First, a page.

Mahabir Pun is a Nepalese teacher. In 2002, he launched the Nepal Wireless Networking Project. His dream was to connect the remote villages of Himalaya to the World Wide Web. Here is how he did it. In less than a decade…
- He had a visionary father
Unlike most men of his generation, Pun’s father believed in education. In the Himalayan village of Nangi where he was born, most pupils dropped out by the age of 12. With no textbook and unqualified teachers, the students would often lose motivation to study, and the boys preferred to become Gurkhas like their dad. Albeit a former soldier himself, Pun’s father did not want his son to join the army. Instead, he sold his belongings, moved to the city with his family, and sent Pun to high school.
- He committed to improve the education of Nepalese children
In 1989 Pun got a scholarship to study at the University of Nebraska. This experience transformed him! In Nepal he had been teaching for several years, mostly to support his siblings. In America, he committed to help disadvantaged Nepalese children get a better education.
After graduating in 1996, he moved back to Nangi, where he had not been for the past 24 years. At the time, local leaders were establishing the first high school of the village. With his experience and education, Pun soon became a driving force of the project. He organized things, taught, and connected the village to the world. Once a month, he would travel to the nearest town of Pokhara, eight hours away from Nangi. This way he could have access to the Internet, keep contact with his friends abroad, and promote his school online.
- He understood remoteness was the key issue of his people
For Pun, isolation was the main reason why Himalayan villages were underdeveloped. It would take hours to go from Nangi to the nearest city, but also to the nearby villages. Moreover, the Maoist rebellion was still active in the end-1990s, and the region was dangerous. For decades the main source of income was the pension money from retired Gurkhas. For the youth, the only hope of a better life was to join the army or move to the cities. And since they had little education, their prospects were rather poor…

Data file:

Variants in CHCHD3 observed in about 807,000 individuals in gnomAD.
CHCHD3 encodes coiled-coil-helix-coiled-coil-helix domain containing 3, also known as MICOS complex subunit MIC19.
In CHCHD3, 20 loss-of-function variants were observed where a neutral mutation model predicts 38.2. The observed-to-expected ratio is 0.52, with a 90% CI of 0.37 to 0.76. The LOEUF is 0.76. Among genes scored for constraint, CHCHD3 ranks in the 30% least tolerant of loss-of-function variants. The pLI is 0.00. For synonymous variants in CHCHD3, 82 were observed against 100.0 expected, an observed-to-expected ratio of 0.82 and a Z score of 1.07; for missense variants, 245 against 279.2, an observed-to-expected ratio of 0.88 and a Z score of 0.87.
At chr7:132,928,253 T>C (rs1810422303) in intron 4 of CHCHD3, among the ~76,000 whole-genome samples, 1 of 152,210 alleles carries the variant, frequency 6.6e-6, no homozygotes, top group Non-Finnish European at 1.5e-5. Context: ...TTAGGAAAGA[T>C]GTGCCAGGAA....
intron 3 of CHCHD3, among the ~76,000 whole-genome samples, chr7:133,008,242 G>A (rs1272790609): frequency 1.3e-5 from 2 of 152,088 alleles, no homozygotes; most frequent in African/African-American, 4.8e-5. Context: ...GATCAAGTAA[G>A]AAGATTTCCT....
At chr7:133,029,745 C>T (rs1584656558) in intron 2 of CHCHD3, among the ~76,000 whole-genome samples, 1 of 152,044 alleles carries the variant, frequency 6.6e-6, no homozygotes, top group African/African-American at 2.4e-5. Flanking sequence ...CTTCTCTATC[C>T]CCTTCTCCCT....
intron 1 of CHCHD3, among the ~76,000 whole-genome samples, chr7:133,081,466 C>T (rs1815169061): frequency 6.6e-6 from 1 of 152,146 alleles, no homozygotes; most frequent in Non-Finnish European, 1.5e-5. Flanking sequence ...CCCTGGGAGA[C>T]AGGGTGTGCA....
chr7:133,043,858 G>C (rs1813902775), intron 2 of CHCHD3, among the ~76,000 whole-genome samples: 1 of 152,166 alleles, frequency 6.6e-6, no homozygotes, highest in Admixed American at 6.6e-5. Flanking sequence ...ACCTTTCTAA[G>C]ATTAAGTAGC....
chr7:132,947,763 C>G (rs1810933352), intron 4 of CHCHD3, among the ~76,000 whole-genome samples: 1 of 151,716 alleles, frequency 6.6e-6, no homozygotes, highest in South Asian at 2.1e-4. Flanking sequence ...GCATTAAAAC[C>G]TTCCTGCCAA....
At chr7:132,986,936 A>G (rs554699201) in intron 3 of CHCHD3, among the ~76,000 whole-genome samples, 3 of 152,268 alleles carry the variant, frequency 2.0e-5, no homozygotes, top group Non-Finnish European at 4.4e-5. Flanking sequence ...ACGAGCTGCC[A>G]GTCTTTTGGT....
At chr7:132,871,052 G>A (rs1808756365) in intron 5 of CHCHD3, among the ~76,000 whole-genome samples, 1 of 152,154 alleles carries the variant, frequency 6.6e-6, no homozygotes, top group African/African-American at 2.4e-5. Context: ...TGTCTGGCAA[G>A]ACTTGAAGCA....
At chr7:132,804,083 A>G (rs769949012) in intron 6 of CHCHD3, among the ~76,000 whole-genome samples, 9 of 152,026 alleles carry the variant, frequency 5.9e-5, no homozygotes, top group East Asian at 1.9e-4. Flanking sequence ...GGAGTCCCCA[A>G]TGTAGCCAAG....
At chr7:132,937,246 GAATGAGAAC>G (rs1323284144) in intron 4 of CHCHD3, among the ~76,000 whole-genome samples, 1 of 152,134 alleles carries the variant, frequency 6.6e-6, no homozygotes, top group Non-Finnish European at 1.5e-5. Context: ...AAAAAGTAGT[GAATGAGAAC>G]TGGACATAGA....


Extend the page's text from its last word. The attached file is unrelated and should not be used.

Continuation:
- He was determined to connect his village to the Internet
When he moved back to Nangi, Pun was already aware of the potential of the Internet. That’s why he dreamed of connecting his village to the web. Of course, with neither electricity nor telephone line, this was a bit of a challenge!
Luckily in 1997 Singaporean climbers stopped at Nangi. Before leaving to Mount Everest, they donated two small hydro generators. Pun installed them and could finally power the used computers he had just received.
The Internet issue proved to be more difficult to solve. Pun first used a radio phone, but the quality was terrible. Unable to find an affordable solution, he contacted the BBC and exposed his dilemma. The broadcaster publicized his question, and he got answers from all over the world. This is how he heard for the first time of the wireless technology.
Two Europeans in particular decided to take up the challenge and, despite Nepal’s political unrest, flew over to Nangi to help him. They brought wireless equipment and supported Pun in establishing a wireless connection. In September 2003, they finally connected the village to Pokhara. For the first time in history, a Himalayan village was part of the World Wide Web!
- He has unleashed the potential of his people
In 2006, the government and the Maoist rebellion signed a peace agreement. This enabled Pun to expand his Nepal Wireless Networking Project. Today 175 villages are part of it, and it has brought local people many benefits.
- Education: the Nepal Wireless Network has addressed the scarcity of qualified teachers. Mountain students now attend online classes, access educational material, and have pen friends abroad. As for the teachers, they can easily exchange tips and ideas with their colleagues.
- Health care: the network has improved the villagers’ access to health care. Whenever someone is sick, he goes to the local clinic. Whenever they have a doubt, health workers can ask doctors in Pokhora and Katmandu for advice.
- Economics: the Nepal Wireless Networking Project has allowed mountain villagers to create income-generating activities. They sell their products and offer ecotourism services to the trekkers visiting the Annapurna.
And this is all made possible by the Internet. No wonder Mahabir Pun received the Jonathan B. Postel Service Award in 2014!